General Surgeon Education Requirements

Completing a general surgery residency program after medical school will teach you to perform operations and save lives. Explore a typical surgery residency program in depth, from year-to-year. Review the prerequisites for entering a residency, and find out whether surgery residents get paid. Schools offering Surgical Technology degrees can also be found in these popular choices.

What Are the Prerequisites for General Surgery?

General surgery is a medical specialization, and once you begin your general surgery education, you will already be considered a medical doctor. Most teaching hospitals are limited to the number of residents they accept each year, so you should apply to several hospitals to ensure that you find a matching residency program.

You will apply for a residency program through the Association of American Medical College's Electronic Residency Application Service. Beyond your bachelor's and medical school degrees, you will also need the following supporting documents and prerequisites:

  • Letters of recommendation
  • Medical school transcripts
  • Professional statement

PrerequisitesMedical school transcript, personal statement, recommendation letters, bachelor's and master's degree
Residency DetailsResidencies will take at least five years to complete and will begin with mastering basic care skills and develop into performing complex surgeries
SalaryResidents receive a yearly stipend, the amount of which will vary by program

What Will My Residency Years Entail?

Depending on your chosen program, you will spend at least five years completing your residency. In those years, you will receive progressively increasing responsibilities and surgical duties. Residency is your formal training in general surgery, and you must perform a certain amount of documented surgical procedures before you can receive your surgical license.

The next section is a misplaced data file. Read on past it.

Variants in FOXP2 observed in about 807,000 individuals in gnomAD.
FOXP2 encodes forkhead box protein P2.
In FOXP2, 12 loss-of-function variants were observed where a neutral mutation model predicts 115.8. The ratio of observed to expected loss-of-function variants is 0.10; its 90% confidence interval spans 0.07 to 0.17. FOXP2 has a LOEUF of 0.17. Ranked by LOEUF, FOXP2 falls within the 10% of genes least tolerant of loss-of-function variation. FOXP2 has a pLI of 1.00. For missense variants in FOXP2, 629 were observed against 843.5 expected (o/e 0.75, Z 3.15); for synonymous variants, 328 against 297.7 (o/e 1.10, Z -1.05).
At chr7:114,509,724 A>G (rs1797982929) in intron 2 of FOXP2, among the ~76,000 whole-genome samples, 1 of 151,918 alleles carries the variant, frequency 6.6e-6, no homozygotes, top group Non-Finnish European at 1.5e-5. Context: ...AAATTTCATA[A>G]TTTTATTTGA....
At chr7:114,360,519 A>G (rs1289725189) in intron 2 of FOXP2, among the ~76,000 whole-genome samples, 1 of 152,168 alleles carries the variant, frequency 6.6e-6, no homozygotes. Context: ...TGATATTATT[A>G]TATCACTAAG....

In your first year of residency, you will be responsible for a surgical patient's preoperative and postoperative care. You will become well versed in basic procedures, such as IVs, catheters and chest tubes. You will begin to receive broad instruction in basic surgical techniques. An attending physician will closely supervise you in all of your patient care.

Your care of patients will expand to more complex procedures in the second year. Therefore, your surgical knowledge will grow to encompass more types of surgical procedures to include critical and trauma care. You will begin to perform minor procedures on surgical patients and learn how to communicate effectively with a healthcare team.

In your third year, you will have a leadership role within the surgical care and resident team; however, an attending physician will closely monitor you. You will begin to take part in the instruction and training of first year residents. This will also be your first year in a leading surgical capacity.

The fourth year will mark your entry into a senior residency, and you will be able to demonstrate mastery of common procedures and surgical knowledge. This is also the year where you will perform more operations and procedures on your own.

This will be the last year of your residency, and you will be performing operations under the direct training and supervision of an attending physician. At this point, you must have mastered all the surgical procedures required for licensure and be able to communicate with your medical team in an administrative role.

Will I Receive Pay During My Residency?

Unlike your previous medical training, you will not have to pay for your general surgery residency training. In fact, you receive a stipend, similar to a yearly salary, which will vary according to your school. If the attending physicians choose you as a chief resident, your stipend will increase. Otherwise, expect the stipend to stay about the same throughout the duration of your training.

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